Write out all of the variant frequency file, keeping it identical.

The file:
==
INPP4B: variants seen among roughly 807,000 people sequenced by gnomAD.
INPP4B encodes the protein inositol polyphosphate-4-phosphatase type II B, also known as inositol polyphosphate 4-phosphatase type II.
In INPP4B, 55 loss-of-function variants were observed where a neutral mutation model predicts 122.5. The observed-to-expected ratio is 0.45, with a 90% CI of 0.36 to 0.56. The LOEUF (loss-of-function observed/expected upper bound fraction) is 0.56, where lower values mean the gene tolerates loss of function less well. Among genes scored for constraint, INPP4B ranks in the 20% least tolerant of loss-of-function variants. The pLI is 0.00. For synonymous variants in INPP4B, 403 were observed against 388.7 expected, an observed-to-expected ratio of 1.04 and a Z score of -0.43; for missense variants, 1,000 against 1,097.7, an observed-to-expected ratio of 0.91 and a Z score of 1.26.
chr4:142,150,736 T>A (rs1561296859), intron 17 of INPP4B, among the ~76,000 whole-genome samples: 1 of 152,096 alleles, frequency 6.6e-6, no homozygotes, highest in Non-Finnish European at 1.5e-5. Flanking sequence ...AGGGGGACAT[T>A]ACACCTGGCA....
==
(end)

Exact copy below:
INPP4B: variants seen among roughly 807,000 people sequenced by gnomAD.
INPP4B encodes the protein inositol polyphosphate-4-phosphatase type II B, also known as inositol polyphosphate 4-phosphatase type II.
In INPP4B, 55 loss-of-function variants were observed where a neutral mutation model predicts 122.5. The observed-to-expected ratio is 0.45, with a 90% CI of 0.36 to 0.56. The LOEUF (loss-of-function observed/expected upper bound fraction) is 0.56, where lower values mean the gene tolerates loss of function less well. Among genes scored for constraint, INPP4B ranks in the 20% least tolerant of loss-of-function variants. The pLI is 0.00. For synonymous variants in INPP4B, 403 were observed against 388.7 expected, an observed-to-expected ratio of 1.04 and a Z score of -0.43; for missense variants, 1,000 against 1,097.7, an observed-to-expected ratio of 0.91 and a Z score of 1.26.
chr4:142,150,736 T>A (rs1561296859), intron 17 of INPP4B, among the ~76,000 whole-genome samples: 1 of 152,096 alleles, frequency 6.6e-6, no homozygotes, highest in Non-Finnish European at 1.5e-5. Flanking sequence ...AGGGGGACAT[T>A]ACACCTGGCA....